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By Bob Hegamin and Nigel Keiffer May 14, 2000

At every level of government in the United States, a few extraordinary citizens "watchdog" officials for mismanagement, ethics violations, and unlawful acts. Officials who refuse to accept responsibility or provide any accountability also face scrutiny. They would violate their oaths of office even as they extol the "Rule of Law," knowing there is little to risk so long as people -- in relative ignorance of the law and with blind faith -- continue to trust them. "Well-informed " Americans, however, who recognize the pattern are impatient, resentful and working tirelessly to correct this growing practice of official arrogance.

This problem was recently acted out when Federal agents forcibly removed Elian Gonzalez from a family residence. The country was subjected to endless polls and the minutest details of the armed raid, but the issue of constitutionality was simply ignored . A few examples from the incident, including its aftermath, show how "Government" had misrepresented its actions as constitutional.

· Family members of the boy considered the civil matter a custody case, which would have legally established whether Elian belonged with his father, or not. They had denied all accusations of holding the boy hostage or violating immigration laws. Thus, from their perspective, the raid was a violent solution to a civil problem, worthy only of a totalitarian regime. Since then, it has become obvious that "Government" had yielded to the hue and cry of the "son belongs with his father" syndrome and utilized the unconstitutional "Mob Rule" rather than the "Rule of Law."

· It is also interesting to note how "Government" manipulated the law in Elian's case. Immediately after the raid, government officials at first could not confirm that a warrant of any kind had been obtained. It was only after some time, and under direct questioning by the media, did "Government" allege it had a search warrant. And, almost as an afterthought, disclosed that it also had an arrest warrant. "Government" had insulted the American's sense of justice as the "Rule of Law" was seemingly used to incrementally justify the raid and only after the fact.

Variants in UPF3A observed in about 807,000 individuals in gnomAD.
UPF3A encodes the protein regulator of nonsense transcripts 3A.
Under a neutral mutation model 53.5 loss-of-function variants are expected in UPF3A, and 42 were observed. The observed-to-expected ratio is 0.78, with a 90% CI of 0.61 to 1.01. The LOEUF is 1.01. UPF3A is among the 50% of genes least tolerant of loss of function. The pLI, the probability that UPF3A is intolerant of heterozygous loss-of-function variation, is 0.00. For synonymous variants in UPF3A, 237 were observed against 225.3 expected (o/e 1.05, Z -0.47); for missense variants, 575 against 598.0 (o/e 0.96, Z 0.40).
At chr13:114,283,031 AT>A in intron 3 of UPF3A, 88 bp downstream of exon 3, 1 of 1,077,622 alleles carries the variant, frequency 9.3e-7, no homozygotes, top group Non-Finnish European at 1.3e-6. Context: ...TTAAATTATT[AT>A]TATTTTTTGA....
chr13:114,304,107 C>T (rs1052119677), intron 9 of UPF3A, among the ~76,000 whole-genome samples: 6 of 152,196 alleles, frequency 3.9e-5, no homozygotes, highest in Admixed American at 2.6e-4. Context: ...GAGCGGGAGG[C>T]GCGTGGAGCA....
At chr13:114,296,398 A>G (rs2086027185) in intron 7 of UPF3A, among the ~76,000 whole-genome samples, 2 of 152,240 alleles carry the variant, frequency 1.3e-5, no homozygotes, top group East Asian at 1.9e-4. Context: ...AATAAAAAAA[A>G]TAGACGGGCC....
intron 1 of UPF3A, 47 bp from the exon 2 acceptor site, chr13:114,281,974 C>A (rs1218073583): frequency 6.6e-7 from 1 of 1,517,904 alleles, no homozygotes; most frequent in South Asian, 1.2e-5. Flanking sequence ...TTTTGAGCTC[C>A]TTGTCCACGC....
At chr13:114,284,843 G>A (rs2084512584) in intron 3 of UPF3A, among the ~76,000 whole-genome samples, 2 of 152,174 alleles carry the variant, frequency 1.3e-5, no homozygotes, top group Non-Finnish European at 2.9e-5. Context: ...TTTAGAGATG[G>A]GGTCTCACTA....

· The Federal Government apparently did not inform Miami's Mayor of the impending raid. It is further unsettling to learn that Miami's Police Chief, who having had prior knowledge of the raid, later stated that under federal law he had not been required to divulge the information to the Mayor. The acts of the Police Chief and the Federal Government had essentially usurped the power of the legally elected Mayor and indirectly showed that neither trusted the people.

· Miami's controversy over the firing of the City Manager by the Mayor and the resignation of the Police Chief illustrates yet another interesting problem. The two city officials had together described the Mayor as "out-of-control", "divisive", and "irresponsible" for which their supporters demanded his recall. The controversy emphasizes how petty politics overrode the government's prime function, which is to act on behalf of the people despite any internal strife.

The indiscriminate use of the "Rule of Law" has spearheaded the erosion of the U.S. Constitution. Americans now have a precedent setting incident. As a means to an end in the Elian case, "Government" had carried out an armed raid against civilians -- in the name of the "Rule of Law." The action replicated exactly a "police state" response for civil and political disagreements, a lesson that must not be lost to Americans. Yet, where was the public outrage when one branch of government violated the rights of individuals while the other two branches just looked on? And, when it's the Justice Department that engages in such conduct, to whom can the people turn?